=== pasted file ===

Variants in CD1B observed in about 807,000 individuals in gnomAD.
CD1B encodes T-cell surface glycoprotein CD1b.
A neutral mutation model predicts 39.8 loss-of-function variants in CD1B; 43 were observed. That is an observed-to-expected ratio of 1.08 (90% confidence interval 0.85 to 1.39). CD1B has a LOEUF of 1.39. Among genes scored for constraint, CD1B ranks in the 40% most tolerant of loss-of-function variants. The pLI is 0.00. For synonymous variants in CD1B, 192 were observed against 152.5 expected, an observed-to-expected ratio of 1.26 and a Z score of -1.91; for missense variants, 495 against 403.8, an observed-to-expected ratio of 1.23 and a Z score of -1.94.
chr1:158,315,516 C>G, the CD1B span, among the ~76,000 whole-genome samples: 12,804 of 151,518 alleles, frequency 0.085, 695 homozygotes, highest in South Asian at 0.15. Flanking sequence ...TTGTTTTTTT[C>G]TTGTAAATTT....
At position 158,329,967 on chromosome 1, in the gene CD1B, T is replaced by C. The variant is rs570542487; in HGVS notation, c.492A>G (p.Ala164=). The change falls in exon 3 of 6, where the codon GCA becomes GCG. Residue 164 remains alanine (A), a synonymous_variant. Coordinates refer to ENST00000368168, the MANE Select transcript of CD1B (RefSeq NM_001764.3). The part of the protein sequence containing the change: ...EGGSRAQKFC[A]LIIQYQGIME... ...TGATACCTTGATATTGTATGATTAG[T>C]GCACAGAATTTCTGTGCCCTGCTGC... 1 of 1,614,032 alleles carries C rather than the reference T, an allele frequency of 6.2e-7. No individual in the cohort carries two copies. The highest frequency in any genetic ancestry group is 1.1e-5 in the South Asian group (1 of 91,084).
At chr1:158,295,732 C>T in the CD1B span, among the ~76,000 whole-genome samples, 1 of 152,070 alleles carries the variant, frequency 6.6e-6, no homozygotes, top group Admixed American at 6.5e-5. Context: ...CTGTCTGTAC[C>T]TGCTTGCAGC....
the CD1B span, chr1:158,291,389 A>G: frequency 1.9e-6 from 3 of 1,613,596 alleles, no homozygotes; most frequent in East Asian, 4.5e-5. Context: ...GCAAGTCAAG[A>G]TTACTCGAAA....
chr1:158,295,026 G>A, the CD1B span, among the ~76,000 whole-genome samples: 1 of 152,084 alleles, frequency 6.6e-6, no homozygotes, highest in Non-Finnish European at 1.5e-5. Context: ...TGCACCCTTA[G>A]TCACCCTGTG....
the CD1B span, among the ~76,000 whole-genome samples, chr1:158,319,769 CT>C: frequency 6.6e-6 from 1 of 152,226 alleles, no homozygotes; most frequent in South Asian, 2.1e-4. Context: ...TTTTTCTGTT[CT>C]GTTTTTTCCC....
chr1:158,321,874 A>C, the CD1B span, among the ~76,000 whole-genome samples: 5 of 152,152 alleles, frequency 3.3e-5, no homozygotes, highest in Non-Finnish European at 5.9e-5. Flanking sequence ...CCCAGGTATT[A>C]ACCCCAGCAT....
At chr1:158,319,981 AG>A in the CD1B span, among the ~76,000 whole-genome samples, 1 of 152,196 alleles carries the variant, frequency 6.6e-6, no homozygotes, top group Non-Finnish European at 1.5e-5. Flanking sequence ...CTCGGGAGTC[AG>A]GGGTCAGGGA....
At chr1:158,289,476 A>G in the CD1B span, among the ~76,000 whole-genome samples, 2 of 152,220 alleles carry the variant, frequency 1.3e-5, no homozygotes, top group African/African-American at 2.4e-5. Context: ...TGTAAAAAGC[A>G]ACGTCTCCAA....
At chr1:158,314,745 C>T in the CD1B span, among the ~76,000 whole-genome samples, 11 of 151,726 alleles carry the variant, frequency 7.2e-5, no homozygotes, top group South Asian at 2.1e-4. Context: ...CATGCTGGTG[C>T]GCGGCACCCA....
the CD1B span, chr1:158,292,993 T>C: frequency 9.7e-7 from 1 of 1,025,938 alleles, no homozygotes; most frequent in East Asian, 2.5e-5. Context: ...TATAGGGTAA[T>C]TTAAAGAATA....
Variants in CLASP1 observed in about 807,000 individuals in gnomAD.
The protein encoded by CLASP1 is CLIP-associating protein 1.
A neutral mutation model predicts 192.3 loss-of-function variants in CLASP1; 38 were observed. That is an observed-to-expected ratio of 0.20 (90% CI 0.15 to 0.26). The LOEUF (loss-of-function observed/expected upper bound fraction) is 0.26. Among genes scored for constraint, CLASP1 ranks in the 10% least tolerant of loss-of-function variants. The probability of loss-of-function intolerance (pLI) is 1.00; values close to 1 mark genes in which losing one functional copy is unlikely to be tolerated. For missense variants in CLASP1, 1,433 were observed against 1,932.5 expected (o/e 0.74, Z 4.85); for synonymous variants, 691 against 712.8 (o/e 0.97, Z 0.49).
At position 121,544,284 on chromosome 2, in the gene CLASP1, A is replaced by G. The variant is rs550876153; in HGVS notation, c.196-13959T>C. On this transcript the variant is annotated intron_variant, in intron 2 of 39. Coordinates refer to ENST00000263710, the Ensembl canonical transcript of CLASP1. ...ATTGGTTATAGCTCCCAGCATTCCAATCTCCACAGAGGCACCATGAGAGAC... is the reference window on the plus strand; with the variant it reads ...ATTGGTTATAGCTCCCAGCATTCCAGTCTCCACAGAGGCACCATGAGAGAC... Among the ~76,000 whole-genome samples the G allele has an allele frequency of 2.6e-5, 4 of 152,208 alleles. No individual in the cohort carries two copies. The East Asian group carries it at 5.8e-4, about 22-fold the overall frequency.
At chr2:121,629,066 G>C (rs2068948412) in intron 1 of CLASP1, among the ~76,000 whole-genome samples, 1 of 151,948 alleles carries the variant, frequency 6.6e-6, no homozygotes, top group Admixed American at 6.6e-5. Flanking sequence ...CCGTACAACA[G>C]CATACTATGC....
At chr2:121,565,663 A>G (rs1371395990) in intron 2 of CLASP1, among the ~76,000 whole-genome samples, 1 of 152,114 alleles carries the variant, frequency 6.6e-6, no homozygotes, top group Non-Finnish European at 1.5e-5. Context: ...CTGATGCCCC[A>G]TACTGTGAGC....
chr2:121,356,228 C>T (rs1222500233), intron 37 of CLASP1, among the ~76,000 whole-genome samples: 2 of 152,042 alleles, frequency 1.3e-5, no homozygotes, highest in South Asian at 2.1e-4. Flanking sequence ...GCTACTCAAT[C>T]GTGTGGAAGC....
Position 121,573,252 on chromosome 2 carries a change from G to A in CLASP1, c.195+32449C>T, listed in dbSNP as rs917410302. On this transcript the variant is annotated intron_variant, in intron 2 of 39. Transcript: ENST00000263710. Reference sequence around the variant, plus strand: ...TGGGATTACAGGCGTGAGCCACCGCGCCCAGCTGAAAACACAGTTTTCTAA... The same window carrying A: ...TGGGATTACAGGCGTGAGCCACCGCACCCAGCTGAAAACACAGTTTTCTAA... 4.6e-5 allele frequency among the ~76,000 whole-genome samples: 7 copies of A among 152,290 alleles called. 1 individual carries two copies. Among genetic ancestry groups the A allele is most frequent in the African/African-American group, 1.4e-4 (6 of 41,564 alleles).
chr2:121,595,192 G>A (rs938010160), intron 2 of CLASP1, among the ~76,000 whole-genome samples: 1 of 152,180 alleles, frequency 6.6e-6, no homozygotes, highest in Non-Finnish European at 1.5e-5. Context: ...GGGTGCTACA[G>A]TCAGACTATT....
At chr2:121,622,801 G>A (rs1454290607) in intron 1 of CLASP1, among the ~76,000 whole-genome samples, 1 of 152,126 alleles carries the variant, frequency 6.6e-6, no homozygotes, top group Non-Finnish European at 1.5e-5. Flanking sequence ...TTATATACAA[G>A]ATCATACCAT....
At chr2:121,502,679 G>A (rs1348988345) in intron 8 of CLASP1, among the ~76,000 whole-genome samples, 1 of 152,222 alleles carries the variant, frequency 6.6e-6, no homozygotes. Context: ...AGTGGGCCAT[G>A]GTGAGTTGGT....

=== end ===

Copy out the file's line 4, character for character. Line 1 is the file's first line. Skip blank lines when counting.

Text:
chr1:158,315,516 C>G, the CD1B span, among the ~76,000 whole-genome samples: 12,804 of 151,518 alleles, frequency 0.085, 695 homozygotes, highest in South Asian at 0.15. Flanking sequence ...TTGTTTTTTT[C>G]TTGTAAATTT....